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Graduating MFA student to develop a punk opera in Austria this summer

The Jorisch Family Artist Residency will allow Marie-Claude Lepiez to research puppetry and set design in Salzburg
March 11, 2020
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Marie-Claude Lepiez: "I am trying to capture that energy of learning something new. I love the excitement of first discovery and of being bad at something.”

Artist Marie-Claude Lepiez is planning to spend this August in Salzburg, Austria. There she’ll be researching opera costumes, set design and puppetry, while drawing, making music and developing her ultimate Gesamtkunstwerk: a punk opera tying her many interests into one work.

Lepiez, a graduating MFA student in the Department of Studio Arts, is the recipient of the 2020 Jorisch Family Artist Residency. The Concordia fellowship supports a four-week stay for outstanding grad students in the Amalie Redlich Tower of Salzburg’s Museum der Moderne.

“This is an awesome residency. To have the time to go there, it’s a dream. I am very happy,” she says.

Kinetic sculpture and implicit anarchy

While Lepiez started at Concordia as a painting and drawing student, a punk DIY spirit at the core of her practice has led her down many new artistic paths.

“I am trying to capture that energy of learning something new. I love the excitement of first discovery and of being bad at something,” she says.

In the last two years, Lepiez became interested in kinetic sculpture. At the Leonard and Bina Ellen Art Gallery’s 2019 graduate show Ignition 15, she presented a work made from found objects that moved like something in between a cuckoo clock and a record player.

Last summer she built a 2.4-metre-by-2.4-metre cabin with moving parts for her first solo show at the L’écart gallery in Rouyn-Noranda, Quebec. The cabin, featuring a clown painting holding a brush and palette, will reappear in her graduate thesis show at the MFA Gallery this April.

“It’s made out of crappy wood I picked up on the streets of Montreal. I painted it, cut it, made it like a patchwork quilt. I am always into layering and cutting and using found pieces.”

Both creations have an implicit anarchy that makes the artwork seem on the verge of falling apart.

“That is what I really like, the fact that everything is not solid. It works, but it feels like if you look at it, it is just going to collapse.”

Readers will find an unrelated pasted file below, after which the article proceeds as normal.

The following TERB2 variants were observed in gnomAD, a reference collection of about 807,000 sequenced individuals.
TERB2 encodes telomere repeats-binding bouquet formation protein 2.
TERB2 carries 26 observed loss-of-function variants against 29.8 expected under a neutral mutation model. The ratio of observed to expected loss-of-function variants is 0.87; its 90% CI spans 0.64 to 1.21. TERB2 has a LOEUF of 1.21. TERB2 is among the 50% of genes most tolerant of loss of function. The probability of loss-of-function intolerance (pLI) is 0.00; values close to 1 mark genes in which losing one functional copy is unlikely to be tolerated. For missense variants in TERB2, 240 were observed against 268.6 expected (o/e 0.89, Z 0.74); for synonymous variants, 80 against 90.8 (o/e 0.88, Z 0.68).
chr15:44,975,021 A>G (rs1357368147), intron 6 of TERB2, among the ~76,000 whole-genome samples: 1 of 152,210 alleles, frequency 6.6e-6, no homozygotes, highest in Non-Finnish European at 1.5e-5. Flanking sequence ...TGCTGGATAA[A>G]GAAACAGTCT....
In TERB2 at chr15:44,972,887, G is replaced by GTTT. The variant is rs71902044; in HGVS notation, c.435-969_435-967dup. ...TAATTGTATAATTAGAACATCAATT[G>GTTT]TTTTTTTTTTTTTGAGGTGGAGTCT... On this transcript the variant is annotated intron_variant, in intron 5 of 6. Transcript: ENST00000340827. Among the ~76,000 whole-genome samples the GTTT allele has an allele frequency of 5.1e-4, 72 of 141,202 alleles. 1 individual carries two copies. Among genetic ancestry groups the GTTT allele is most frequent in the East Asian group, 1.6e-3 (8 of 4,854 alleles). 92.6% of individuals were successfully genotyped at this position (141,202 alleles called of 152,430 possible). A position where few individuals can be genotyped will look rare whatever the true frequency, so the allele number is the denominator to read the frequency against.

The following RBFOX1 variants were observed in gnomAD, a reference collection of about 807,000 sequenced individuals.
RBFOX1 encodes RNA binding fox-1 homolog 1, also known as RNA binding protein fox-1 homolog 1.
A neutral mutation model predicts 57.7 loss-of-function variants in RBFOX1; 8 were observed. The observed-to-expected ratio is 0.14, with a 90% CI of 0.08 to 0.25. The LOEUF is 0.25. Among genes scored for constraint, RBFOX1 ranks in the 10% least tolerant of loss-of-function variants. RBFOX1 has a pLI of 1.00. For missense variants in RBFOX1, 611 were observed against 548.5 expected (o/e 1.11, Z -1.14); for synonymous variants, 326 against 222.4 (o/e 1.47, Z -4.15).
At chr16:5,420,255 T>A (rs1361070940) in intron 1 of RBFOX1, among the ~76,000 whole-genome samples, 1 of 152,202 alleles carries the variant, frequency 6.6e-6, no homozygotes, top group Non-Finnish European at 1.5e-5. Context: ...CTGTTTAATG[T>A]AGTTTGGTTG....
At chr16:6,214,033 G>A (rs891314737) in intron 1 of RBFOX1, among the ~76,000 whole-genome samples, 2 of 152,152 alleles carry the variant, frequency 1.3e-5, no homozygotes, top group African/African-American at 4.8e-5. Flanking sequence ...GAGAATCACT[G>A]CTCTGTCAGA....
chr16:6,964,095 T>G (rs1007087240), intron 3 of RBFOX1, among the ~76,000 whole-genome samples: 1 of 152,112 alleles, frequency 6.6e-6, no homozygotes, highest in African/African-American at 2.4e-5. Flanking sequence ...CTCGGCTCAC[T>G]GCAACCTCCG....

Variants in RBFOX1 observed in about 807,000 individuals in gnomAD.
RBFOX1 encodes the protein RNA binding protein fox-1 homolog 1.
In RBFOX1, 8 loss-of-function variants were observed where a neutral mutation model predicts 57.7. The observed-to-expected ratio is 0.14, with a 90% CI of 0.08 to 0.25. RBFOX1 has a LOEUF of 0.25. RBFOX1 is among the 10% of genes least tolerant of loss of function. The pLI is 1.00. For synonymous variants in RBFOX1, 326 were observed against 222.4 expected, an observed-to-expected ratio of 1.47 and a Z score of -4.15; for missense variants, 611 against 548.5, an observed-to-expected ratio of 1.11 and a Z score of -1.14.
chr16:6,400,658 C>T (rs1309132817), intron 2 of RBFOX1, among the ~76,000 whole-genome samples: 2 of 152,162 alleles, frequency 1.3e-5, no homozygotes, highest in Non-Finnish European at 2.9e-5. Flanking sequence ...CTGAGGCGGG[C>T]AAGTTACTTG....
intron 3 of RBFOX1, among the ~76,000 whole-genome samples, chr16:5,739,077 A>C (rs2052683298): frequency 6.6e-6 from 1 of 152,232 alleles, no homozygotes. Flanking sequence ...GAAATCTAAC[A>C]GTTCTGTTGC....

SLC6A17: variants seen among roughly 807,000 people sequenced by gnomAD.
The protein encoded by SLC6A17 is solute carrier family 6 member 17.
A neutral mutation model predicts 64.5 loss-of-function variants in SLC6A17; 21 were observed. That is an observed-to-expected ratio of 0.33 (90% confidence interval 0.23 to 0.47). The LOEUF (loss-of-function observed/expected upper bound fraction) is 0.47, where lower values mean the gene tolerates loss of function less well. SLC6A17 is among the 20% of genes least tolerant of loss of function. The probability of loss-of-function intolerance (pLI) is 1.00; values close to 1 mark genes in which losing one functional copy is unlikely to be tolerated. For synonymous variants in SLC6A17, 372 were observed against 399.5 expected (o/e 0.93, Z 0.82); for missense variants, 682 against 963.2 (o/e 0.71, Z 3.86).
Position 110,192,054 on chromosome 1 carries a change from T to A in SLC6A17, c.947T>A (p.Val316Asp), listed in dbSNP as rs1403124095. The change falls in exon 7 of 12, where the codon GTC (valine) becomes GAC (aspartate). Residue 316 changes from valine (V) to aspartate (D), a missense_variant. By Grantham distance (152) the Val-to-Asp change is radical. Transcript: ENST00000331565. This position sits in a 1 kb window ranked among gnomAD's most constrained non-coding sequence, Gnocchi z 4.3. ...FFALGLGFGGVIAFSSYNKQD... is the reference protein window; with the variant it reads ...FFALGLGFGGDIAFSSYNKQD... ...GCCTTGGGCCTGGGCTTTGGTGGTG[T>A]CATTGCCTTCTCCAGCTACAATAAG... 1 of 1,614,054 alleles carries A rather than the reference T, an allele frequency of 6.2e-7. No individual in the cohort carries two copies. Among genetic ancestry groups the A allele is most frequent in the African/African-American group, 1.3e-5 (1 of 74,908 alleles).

Artist Marie-Claude Lepiez's first solo show at the L’écart gallery. | Image courtesy of the artist Marie-Claude Lepiez's first solo show at the L’écart gallery in Quebec. | Image courtesy of the artist

Jorisch residency is a perfect fit

After Lepiez had the idea of making a punk opera with sculptures that move, inspired by what Jos de Gruyter and Harald Thys did at the Venice Biennale in the Belgian pavilion last year, she applied for the Jorisch residency, seeing it as a perfect fit.

“There is a museum of puppets in Salzburg, and it’s an opera capital, so there are lots of costumes and big sets,” she says. “I want to know the logic behind the puppetry and how they move so I can apply that to my sculptures. Also, I plan on taking a video class, so I can integrate that into my research.”

The opera concept brings together all the avenues of research-creation she’s pursued at Concordia, plus her career as a set designer in the film industry. It also gives her the chance to work on new avenues like performance, animation and video, investigating ways to bring herself into the work.

“I want to be part of this opera like my kinetic sculptures. I want to become someone else, a character. I thought maybe I should be a mechanic. I could be part of it, just fixing things all the time!”

While Lepiez sees this realistically as a long-term project, her month in Austria will put some shape to all these threads.

“I am not quite confident yet. I am still exploring. I think it’s going to be a lot of fun!”


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